Carrington Street, Queen's Walk, Arkwright Street

The site of Collin's Alms Houses was called the Cherry Orchard right down to the beginning of last century. There is nothing of great interest in Carrington Street. Its importance is almost entirely due to its connection with the railways and to afford ready access to the station, in 1841, a bridge was thrown over the canal. Before that time the route to the station had been down Grey Friar Gate over the Navigation Bridge in Wilford Road and then sharply to the left down a street called Locomotive Street which has now disappeared and seems to be absorbed in the L.M. & S. Goods Yard. It is interesting to record that when Queen Adelaide visited Nottingham on her journey to Harewood the first part of her journey was taken by carriage and she took up the train at Nottingham. Her route through Nottingham was up what we now call London Road, along Leenside and then over the Navigation Bridge.

The original Carrington Street Bridge was designed by Mr. Moses Wood and was erected by Messrs. Court & Company whose foundry was at the corner of Granby Street and Friar Lane. It cost roughly £6,000 and of such importance was it to the railway company that the directors of the Midland Railway paid half the cost. After a series of vicissitudes it was finally widened and put into its present form in 1902.

Nottingham's first railway station opened in 1839.
Nottingham's first railway station opened in 1839.

The first railway to reach Nottingham was the Midland Railway and a branch from Nottingham to Derby was opened on May 30th, 1839, about six years before the Railway Mania. The first train, which carried directors and their friends only, started from Nottingham and the site of the original station is at present occupied by the Goods Offices. In fact I believe that this building incorporates the old station. Tremendous public interest was aroused by the new means of locomotion and soon after the railway started running a special excursion train proceeded from Nottingham to Derby. It surely must be a record in length, for it consisted of no less than eighty coaches, though the coaches of those days were very much smaller than those to which we are accustomed.

In 1846 the line was extended to Lincoln and consequently a level crossing was necessary for the passage of Carrington Street, and a new station was built in Station Street. This station is still well remembered and its main entrance was about opposite the end of Trent Street. It remained in use until 1904 when the present station was opened. The level crossing in Carrington Street was a terrible nuisance and in order to facilitate the passage of foot passengers a wooden up and down bridge was constructed which was so ugly that it called forth comment and satire on all hands. Eventually it was pulled down and a viaduct was erected over the crossing in 1866 from the designs of Mr. Tarbottom, the borough engineer who was also responsible as we have seen, for the erection of Trent Bridge. One gets a reflection of Railway management in an old account of an unfortunate railway accident which occurred between Nottingham and Beeston in 1844 during the prevalence of a fog by which three people lost their lives. This was looked upon as a terrible disaster and very minute inquiries were made as to the responsibility for its occurrence. In the light of our own days the evidence given at this inquiry is really most astonishing and the most extraordinary feature of it seems to be the indignation expressed by the witnesses that one train was proceeding at "the reckless speed of thirty miles per hour."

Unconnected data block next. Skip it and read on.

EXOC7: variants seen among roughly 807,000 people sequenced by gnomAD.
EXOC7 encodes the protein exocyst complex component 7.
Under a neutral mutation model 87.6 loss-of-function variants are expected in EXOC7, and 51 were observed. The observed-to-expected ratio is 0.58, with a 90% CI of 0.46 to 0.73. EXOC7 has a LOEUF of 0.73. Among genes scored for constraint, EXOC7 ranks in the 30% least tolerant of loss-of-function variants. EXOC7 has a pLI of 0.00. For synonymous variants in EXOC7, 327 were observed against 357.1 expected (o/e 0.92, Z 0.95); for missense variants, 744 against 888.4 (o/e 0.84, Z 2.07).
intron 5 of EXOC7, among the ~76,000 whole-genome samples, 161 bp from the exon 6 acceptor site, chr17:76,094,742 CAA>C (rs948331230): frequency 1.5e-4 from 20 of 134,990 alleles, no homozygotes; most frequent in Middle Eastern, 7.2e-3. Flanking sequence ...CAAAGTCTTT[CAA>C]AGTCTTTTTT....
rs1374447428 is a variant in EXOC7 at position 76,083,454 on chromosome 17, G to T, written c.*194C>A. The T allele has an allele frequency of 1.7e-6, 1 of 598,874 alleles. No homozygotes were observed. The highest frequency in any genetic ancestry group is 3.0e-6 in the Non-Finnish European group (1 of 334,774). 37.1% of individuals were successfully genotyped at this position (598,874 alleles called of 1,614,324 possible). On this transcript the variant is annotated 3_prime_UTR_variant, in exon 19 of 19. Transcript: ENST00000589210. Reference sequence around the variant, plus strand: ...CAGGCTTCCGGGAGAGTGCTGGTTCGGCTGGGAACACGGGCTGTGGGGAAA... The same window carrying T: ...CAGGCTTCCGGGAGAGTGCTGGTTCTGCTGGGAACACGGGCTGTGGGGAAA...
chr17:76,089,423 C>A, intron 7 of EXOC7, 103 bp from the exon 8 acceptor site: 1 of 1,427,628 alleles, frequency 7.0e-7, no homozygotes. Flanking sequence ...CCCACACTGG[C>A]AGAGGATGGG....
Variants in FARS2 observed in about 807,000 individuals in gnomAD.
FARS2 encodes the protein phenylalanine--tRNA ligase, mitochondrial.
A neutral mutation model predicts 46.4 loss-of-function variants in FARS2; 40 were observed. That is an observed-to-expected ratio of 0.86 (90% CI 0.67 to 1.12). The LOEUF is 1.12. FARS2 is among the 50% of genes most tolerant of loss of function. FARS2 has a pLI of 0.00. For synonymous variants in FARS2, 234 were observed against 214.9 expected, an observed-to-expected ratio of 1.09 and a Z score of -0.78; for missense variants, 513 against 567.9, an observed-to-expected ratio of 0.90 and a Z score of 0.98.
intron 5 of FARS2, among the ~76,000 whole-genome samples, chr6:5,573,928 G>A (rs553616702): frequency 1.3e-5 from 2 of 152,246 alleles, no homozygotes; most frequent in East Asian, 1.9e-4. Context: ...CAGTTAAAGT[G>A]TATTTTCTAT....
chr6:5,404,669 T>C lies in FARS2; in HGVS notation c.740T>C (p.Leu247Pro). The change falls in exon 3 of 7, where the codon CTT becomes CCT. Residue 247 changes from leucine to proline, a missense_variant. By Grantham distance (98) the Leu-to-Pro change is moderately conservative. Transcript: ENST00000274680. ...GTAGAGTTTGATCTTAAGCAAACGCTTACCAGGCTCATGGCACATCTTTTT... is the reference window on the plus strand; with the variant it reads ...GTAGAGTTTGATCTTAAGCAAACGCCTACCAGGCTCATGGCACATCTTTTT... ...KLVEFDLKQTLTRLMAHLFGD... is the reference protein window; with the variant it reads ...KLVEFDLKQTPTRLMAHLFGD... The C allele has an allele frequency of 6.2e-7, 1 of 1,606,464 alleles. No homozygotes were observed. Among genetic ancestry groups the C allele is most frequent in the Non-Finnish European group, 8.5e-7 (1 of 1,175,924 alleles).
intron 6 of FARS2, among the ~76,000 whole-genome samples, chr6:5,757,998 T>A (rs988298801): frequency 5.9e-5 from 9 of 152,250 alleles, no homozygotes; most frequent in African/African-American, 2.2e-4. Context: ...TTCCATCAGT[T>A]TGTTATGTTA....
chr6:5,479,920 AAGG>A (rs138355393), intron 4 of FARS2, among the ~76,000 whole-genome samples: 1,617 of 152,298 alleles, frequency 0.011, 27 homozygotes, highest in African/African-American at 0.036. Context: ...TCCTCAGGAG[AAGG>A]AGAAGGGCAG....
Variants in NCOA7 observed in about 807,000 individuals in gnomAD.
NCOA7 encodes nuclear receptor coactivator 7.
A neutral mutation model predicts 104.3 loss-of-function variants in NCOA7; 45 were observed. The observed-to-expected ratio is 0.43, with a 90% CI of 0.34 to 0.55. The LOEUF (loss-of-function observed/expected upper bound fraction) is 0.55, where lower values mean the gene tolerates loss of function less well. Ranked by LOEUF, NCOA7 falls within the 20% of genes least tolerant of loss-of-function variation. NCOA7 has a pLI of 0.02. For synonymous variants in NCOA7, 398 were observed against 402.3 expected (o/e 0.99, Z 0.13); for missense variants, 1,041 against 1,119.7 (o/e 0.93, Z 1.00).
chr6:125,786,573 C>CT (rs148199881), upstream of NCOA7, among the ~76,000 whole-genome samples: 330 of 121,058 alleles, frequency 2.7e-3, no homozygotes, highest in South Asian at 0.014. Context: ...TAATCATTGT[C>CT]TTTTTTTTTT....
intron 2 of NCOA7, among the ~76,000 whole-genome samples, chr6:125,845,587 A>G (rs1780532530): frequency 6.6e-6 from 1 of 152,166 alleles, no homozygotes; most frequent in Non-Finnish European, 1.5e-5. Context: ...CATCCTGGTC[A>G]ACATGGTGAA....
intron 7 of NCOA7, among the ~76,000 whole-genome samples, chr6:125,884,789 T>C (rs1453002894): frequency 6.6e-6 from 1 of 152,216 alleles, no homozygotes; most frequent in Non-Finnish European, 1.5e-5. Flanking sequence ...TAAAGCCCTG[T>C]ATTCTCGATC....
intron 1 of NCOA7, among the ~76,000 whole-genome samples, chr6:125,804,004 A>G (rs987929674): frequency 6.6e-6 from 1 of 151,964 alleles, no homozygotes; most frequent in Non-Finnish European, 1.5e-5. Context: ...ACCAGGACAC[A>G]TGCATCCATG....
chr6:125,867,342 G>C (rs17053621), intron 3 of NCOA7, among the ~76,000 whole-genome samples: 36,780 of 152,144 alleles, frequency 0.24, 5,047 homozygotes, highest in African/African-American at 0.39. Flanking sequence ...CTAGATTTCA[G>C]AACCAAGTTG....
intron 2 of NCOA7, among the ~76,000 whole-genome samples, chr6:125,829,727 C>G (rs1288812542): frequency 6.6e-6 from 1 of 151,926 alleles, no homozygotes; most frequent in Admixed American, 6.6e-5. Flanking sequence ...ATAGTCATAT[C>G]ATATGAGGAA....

Queen's Walk is part of an ancient track or footway which led from Wilford Ferry to the town wharfs on the Leen and is the westward branch, which may be compared to the more easterly, Trent Bridge Footway, which led from the same point on the Leen down to Trent Bridge. It was formed into a promenade road in 1855, but it was soon found to be very subject to floods and so in 1862 it was raised above flood level. It remained a pleasant footway bordered with trees until 1926 when the exigencies of modern traffic have made it necessary to form it into a thoroughfare capable of bearing heavy traffic. It is well worth noticing that from about half way down it there is a very beautiful view of St. Mary's Church and the acropolis of ancient Nottingham.

Arkwright Street is quite a modern thoroughfare, formed after the enclosures of the Meadows about 1865 in which work Mr. Patchitt was so much concerned. At first it was called Trent Bridge Road, but the more modern name commemorating one of Nottingham's greatest celebrities is much more suitable. Being so modern there is little of interest in it. St. Saviour's Church takes the place of an old Mission Chapel which was built in 1869, otherwise there is nothing of antiquarian interest to mention in its whole route. It has drawn by far the greater part of the traffic away from the old London Road and is one of the busiest and most important thoroughfares in modern Nottingham.